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For the Love of Super Genie

 

Wrestlers give their time, their money, and their bodies for our entertainment. To this day, the business that profits off their sacrifice has yet to step up and truly care for these people long term. That’s the reason so many independents are always running benefit shows. It’s also the reason the Cauliflower Alley Club exists.

Today, the boys (and the girls, and the fans) also have resources like Go Fund Me that allow people to step up immediately and help ease the financial burdens of medical problems. Right now, it’s Melissa Coates, aka Super Genie, who needs some love.

Most fans know Super Genie as Sabu’s ringside (and real life) companion, but she is also a highly accomplished bodybuilder and professional wrestler in her own right. Like many former wrestlers, who worked as independent contractors without any insurance or 401K plan, she has limited resources, and the COVID-19 forced shut down of the independent wrestling world has kept her and Sabu out of action for months. This is why a Go Fund Me was set up to help her out.

It’s the season of giving anyway, so why not spare a few dollars to help someone in need? You can click here to give on her Go Fund Me page. Or, if you prefer, you can help Melissa and Sabu by visiting Sabu’s Pro Wrestling Tees page or purchasing Sabu’s must-have autobiography from WOHW.

If Sabu or Super Genie have entertained you over the years, there’s no better way to say thank you than this. Please give if you can.

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Coming in 2021

Tracy Smothers never hesitated when asked who was his favorite opponent of all time. “Candido.” He couldn’t sing Chris Candido’s praises enough, and he lit up every time we talked about Chris. It was Tracy who said that Chris Candido should be my next book, and it was Tracy who put me in touch with his good friend Jimmy Shoulders, who in turn put me in touch with Chris’s family.

Jonny Candido and I have been working hard to put together the biography of one of the most beloved wrestlers ever to set foot in a locker room. Some call him a wrestler’s wrestler, and some argue that he was one of the most gifted men ever to set foot in the ring. You’d be hard pressed to find anyone who loved the wrestling business more. His story has a tragic ending and plenty of drama, but it’s absolutely inspiring. Chris Candido truly lived and breathed professional wrestling, and I’m very excited to announce his biography will be released in early 2021.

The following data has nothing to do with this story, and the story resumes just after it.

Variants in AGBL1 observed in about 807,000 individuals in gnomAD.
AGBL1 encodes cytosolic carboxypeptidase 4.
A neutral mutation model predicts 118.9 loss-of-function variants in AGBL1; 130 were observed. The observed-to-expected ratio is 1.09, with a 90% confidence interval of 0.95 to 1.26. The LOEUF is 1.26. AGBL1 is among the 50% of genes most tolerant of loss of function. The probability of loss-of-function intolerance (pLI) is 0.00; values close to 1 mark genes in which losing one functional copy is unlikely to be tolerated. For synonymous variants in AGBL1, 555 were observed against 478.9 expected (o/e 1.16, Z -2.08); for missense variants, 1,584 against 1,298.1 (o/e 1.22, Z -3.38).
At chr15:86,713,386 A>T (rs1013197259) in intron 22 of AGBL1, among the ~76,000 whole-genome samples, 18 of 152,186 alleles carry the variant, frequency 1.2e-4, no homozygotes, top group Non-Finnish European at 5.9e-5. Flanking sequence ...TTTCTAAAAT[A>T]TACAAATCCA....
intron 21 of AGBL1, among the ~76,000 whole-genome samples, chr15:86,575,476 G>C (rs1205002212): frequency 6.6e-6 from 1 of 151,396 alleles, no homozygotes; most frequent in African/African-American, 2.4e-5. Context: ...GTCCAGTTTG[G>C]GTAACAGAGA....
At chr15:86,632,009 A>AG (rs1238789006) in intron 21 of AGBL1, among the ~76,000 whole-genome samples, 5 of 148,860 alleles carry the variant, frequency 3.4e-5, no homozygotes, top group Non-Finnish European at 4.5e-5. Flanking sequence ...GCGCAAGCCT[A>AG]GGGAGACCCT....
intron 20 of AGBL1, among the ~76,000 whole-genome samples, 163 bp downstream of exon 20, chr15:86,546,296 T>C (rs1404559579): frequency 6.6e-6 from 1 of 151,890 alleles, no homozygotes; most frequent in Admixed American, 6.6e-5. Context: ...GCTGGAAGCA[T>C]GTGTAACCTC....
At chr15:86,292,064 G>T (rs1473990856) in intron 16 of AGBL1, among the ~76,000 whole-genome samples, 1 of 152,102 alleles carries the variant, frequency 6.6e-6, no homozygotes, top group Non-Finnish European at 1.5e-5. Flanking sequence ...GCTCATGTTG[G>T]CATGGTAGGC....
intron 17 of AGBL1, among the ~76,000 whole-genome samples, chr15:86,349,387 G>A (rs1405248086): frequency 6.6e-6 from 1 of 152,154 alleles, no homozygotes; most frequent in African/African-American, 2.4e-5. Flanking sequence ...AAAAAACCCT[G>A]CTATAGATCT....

Chris is not the only project now in the works for next year. Hot on the heels of the Elvira Snodgrass biography, I’ve just started working with one of the toughest women ever to set foot in the squared circle. Princess Victoria was poised to be one of the top women’s stars in the WWF before her career-ending accident in 1984. She was one of the first WWF Women’s Tag Team Champions, and she worked incredible matches with Velvet McIntyre, Wendi Richter, Sherri Martel, and more.

But wrestling is only a small part of the story. Vicki Otis was a warrior long before she became a professional wrestler. She endured a horrific childhood and unimaginable abuse. She survived, escaped, and ran off to pursue her dream of becoming a professional wrestler. Vicki’s tale is inspiring in a different way than Candido’s, and it is our hope that people who have endured similar backgrounds will find inspiration in her tale.

Candido’s book is entering the home stretch, and we’re shooting for an early 2021 release. Princess Victoria is just getting under way, but I’m hopeful for an early 2021 release for that book as well.

There’s more on the table for 2021, including a few more historical biographies and a new novel that has nothing to do with wrestling, but suffice to say, we’ll be kicking 2021 off in a big way.

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Covid-Con: The Virtual Wrestling Convention!

It started out with a Facebook message.

“What if we put on an author fair on Facebook for wrestling writers?” I asked Kenny Casanova.

What started innocently 15 days ago has blown up into a full weekend of wrestling talk. Wrestling Bookmarks Covid-Con is the first every virtual wrestling convention. All weekend long you can hear stories and do Q&A with wrestling authors, wrestlers, and other wrestling personalities on Facebook.

And it’s all 100% FREE!

The guest list includes Diamond Dallas Page, Hurricane Helms, Sunny the California Girl from GLOW, Dutch Mantell, ODB, Sid Vicious, Mad Man Pondo, Koko B. Ware, Kenny “Starmaker” Bolin, Justin Credible, Sabu, Joel Gertner, Typhoon, Gangrel, Mr. Hughes, Referee Danny Davis, Cowboy Scott Casey, and Duke The Dumpster Droese.